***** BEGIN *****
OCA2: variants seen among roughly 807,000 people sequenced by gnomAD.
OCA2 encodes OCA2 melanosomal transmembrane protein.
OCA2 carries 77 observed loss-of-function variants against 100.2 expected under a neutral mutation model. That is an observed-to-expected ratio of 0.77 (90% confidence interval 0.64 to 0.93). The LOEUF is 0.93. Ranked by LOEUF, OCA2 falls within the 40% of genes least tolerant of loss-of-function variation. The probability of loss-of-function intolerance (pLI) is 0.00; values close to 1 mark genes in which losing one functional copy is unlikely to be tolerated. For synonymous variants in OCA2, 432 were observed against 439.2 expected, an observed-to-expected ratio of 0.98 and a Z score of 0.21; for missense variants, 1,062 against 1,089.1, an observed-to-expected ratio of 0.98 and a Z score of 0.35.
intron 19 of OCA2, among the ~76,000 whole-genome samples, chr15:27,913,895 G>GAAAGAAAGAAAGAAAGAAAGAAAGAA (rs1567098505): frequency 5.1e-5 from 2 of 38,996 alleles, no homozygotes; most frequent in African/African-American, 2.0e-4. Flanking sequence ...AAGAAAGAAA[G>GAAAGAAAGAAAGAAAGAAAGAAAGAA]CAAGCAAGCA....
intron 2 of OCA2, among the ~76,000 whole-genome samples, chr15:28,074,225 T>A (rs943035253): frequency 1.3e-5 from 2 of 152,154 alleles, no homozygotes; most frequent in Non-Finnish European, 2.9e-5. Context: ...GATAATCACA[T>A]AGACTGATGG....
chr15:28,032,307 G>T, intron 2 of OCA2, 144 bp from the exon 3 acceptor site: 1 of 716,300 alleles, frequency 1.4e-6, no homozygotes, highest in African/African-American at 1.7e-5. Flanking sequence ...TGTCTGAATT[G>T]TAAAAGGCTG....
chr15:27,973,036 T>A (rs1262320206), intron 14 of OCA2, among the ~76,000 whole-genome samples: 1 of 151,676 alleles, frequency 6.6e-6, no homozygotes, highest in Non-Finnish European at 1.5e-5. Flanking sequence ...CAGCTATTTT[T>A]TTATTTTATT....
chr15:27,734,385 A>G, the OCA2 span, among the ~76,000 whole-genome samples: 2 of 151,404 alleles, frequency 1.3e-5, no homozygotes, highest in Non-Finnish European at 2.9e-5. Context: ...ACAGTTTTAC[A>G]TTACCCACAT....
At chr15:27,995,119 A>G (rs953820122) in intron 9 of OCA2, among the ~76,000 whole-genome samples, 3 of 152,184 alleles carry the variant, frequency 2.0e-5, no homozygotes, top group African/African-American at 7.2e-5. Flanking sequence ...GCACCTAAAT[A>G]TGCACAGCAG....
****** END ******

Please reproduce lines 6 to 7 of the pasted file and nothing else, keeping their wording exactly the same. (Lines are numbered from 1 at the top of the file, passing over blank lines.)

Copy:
chr15:28,032,307 G>T, intron 2 of OCA2, 144 bp from the exon 3 acceptor site: 1 of 716,300 alleles, frequency 1.4e-6, no homozygotes, highest in African/African-American at 1.7e-5. Flanking sequence ...TGTCTGAATT[G>T]TAAAAGGCTG....
chr15:27,973,036 T>A (rs1262320206), intron 14 of OCA2, among the ~76,000 whole-genome samples: 1 of 151,676 alleles, frequency 6.6e-6, no homozygotes, highest in Non-Finnish European at 1.5e-5. Flanking sequence ...CAGCTATTTT[T>A]TTATTTTATT....